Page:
Town Administrator John Klimm submitted the following budget message to the Portsmouth Town Council Wednesday night. The message was submitted along with the Capital Budget, Operating Budget and draft Budget Policy for the council to consider.
Town Administrator’s Budget Message
To the Honorable Town Council:
In accordance with our Town Charter, I am honored to present to you our FY 2013 operating budget for your consideration. The fiscal environment we face, in many ways, is not only similar to every Rhode Island city and town, but also to many communities across this country.
For decades, we in local government have tried to provide services well beyond our capacity to pay for them. In short, we have tried to be all things to all people. And we have failed. Increasingly, budgets are strained as the longstanding practices of deferring maintenance, draining reserves and holding unrealistic expectations have wreaked havoc on local finances. Citizens have increasingly asked us, “Why can’t you live within your means just like we do at home?” And the truth is that we don’t have a track record that would suggest that we’ve done that. We haven’t looked under every rock and haven’t evaluated and implemented proven alternatives and reforms. Unfortunately, the practices of consolidation, collaboration and/or regionalization are rarely discussed and even more rarely implemented. At the same time, we have witnessed a systematic reduction in federal and state aid because they have also lived beyond their means. The only thing worse than the challenges we face at the local level is the out of control spending at the federal and state levels over the past decade. They wrote the book on fiscal irresponsibility and it is unrealistic, indeed foolhardy, to expect them to be a solution to our problems.
Although I just began my tenure here on Feb. 13, 2012, it did not take long to identify several critical issues that need to be addressed right away. First, I can’t overstate my belief that we are living well beyond our means. This is not mere speculation. It is a stunningly obvious fact. The practices employed such as spending down fund balances and not addressing infrastructure needs are as clear as day. The challenge in making tough budgetary decisions not only goes to the core of our fiduciary responsibility to our citizens, but is necessary to ensure that we do not become a community, like our distressed sister Rhode Island communities, in utter financial crisis. The good news is that we are not there yet. The bad news is that we will be there without thoughtful, swift and lasting changes in our spending habits and financial practices.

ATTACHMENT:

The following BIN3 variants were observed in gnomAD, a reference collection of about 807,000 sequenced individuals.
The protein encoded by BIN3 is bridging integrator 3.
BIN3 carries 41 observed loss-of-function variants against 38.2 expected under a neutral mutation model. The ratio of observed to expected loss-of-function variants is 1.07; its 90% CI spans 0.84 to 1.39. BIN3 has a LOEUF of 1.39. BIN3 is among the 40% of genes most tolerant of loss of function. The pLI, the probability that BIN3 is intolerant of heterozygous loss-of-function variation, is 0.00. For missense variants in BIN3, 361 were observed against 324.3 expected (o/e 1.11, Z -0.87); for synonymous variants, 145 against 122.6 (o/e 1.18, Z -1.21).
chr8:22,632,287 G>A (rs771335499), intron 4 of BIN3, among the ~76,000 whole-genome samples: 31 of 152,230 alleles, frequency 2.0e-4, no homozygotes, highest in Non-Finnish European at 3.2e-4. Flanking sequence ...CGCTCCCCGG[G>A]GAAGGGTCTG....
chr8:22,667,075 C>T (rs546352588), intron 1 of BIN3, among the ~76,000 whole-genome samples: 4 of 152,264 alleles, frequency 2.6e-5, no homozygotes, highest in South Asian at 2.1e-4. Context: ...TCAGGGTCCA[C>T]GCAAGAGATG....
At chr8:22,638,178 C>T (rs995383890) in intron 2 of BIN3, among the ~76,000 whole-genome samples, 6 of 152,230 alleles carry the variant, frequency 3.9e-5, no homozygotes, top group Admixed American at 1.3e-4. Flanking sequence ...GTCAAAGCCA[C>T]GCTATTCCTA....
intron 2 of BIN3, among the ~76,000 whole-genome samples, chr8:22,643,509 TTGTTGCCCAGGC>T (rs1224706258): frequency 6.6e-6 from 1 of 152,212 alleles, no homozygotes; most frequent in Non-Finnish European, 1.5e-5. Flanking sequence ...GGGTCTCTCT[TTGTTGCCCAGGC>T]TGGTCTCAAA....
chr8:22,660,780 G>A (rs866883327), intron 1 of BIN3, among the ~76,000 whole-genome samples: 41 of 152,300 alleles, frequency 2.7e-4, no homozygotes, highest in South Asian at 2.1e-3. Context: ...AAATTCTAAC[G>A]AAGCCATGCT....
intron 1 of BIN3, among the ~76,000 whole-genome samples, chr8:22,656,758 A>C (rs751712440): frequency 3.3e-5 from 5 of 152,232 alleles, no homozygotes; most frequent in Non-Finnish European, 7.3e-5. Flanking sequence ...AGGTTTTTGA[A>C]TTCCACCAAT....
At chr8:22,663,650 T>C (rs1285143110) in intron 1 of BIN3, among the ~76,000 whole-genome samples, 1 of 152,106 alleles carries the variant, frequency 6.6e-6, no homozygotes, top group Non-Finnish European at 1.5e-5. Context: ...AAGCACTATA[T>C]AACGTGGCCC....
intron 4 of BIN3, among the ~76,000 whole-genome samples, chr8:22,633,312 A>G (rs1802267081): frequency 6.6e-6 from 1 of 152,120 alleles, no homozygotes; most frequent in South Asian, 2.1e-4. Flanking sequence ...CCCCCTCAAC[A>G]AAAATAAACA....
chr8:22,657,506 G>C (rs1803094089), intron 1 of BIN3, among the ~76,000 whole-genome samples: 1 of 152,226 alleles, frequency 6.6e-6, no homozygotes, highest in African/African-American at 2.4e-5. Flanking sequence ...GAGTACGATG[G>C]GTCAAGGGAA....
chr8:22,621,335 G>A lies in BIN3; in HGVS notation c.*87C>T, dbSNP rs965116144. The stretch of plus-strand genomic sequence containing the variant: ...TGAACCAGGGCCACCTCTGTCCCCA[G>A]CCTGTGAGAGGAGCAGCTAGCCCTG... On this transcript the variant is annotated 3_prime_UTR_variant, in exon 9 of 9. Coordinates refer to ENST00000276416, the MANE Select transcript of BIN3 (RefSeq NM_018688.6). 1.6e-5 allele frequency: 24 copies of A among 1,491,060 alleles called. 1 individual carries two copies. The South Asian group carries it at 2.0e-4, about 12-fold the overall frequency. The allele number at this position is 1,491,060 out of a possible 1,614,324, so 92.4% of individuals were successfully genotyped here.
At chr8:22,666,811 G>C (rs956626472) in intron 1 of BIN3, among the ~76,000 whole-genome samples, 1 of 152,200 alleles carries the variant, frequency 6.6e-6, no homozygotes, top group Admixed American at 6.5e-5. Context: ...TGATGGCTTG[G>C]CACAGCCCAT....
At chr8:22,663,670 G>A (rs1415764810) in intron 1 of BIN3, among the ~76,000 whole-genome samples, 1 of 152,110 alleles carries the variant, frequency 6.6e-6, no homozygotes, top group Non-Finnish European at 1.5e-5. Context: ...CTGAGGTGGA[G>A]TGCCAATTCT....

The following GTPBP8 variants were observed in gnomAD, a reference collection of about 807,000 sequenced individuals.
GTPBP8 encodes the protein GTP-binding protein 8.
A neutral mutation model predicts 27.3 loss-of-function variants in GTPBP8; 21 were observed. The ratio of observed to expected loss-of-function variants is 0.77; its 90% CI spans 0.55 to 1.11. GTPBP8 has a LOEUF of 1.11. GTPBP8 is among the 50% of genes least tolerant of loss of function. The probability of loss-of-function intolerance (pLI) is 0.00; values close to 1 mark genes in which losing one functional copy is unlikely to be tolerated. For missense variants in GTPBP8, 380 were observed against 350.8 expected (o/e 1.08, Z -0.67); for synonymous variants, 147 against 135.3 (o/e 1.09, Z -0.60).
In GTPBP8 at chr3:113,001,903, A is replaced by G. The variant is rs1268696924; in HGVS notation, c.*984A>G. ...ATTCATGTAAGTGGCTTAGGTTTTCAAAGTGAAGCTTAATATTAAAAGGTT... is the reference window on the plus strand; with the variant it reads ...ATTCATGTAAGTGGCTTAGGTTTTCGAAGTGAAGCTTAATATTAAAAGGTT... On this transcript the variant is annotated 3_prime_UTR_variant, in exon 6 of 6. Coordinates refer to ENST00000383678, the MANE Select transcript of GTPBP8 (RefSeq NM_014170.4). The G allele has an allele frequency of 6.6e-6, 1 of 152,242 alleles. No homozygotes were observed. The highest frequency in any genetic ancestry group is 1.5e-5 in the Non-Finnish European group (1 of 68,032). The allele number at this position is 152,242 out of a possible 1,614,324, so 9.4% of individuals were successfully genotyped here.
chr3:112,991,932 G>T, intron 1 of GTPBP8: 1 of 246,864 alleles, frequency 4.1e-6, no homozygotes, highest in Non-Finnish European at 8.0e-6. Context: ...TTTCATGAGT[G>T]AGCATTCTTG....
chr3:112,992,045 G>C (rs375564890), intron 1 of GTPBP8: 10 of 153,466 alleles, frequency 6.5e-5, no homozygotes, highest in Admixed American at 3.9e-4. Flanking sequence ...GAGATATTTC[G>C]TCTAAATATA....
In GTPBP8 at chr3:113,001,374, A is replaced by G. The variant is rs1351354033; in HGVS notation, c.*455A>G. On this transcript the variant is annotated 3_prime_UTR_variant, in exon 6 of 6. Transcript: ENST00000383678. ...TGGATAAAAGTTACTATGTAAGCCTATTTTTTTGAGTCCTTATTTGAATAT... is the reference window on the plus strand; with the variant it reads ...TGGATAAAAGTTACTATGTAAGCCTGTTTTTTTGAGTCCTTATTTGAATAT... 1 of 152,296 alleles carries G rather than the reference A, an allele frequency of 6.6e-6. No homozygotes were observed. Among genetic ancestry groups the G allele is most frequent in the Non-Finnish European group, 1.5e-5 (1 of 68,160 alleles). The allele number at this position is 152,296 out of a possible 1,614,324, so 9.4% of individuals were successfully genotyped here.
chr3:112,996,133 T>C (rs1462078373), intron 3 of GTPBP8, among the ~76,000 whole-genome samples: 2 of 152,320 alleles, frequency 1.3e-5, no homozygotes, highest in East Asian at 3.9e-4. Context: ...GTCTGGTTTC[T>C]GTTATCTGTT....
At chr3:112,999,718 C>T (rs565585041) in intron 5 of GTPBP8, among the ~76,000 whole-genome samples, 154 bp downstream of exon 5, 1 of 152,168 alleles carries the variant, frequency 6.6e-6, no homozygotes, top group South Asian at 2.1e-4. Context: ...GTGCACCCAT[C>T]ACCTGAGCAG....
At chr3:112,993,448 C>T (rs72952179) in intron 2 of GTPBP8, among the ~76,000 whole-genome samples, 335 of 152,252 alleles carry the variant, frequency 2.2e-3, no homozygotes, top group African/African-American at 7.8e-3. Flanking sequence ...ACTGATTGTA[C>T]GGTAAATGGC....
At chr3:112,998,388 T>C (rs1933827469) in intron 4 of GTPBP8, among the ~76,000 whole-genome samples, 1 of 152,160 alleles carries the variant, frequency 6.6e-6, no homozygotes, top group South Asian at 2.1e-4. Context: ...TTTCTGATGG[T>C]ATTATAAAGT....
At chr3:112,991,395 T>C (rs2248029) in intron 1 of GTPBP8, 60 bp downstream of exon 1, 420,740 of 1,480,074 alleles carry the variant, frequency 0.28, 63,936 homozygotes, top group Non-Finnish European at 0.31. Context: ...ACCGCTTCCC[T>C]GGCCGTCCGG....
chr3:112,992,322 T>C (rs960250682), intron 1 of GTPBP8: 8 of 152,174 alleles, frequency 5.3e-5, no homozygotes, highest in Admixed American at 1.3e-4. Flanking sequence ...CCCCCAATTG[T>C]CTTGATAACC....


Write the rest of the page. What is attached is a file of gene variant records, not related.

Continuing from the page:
Implementation of a solid and thoughtful financial plan is necessary now to restore a level of security and trust with the citizens and taxpayers to whom we answer. A high level of trust and confidence is essential for us to achieve truly effective local government. This is never an easy message to deliver. For it is human nature to defer or put off that which is not absolutely essential to address today. My central message to you is that we must begin to confront our challenges.
We are now at a crossroads. We can follow in the footsteps of Providence, Woonsocket, Central Falls and West Warwick or we can set our own path to financial sustainability. We can choose to be a community which opts for fiscal responsibility and security over an uncertain future and utter chaos. But that can only happen with your action, not through inaction.
The budget before you brings us down a different path. One that is not philosophically or politically motivated, but solely based on sound generally accepted financial principles. To those who say we can’t afford to choose a different path at this time I say, then don’t… and wait a few more years when our bond rating will plummet, trust and confidence between our citizens and will erode, tens of millions of dollars in new spending will have to take place all at once to address unmet and now critical needs and the reality of financial disaster that we read about in the newspaper each and every day will be staring us in the face.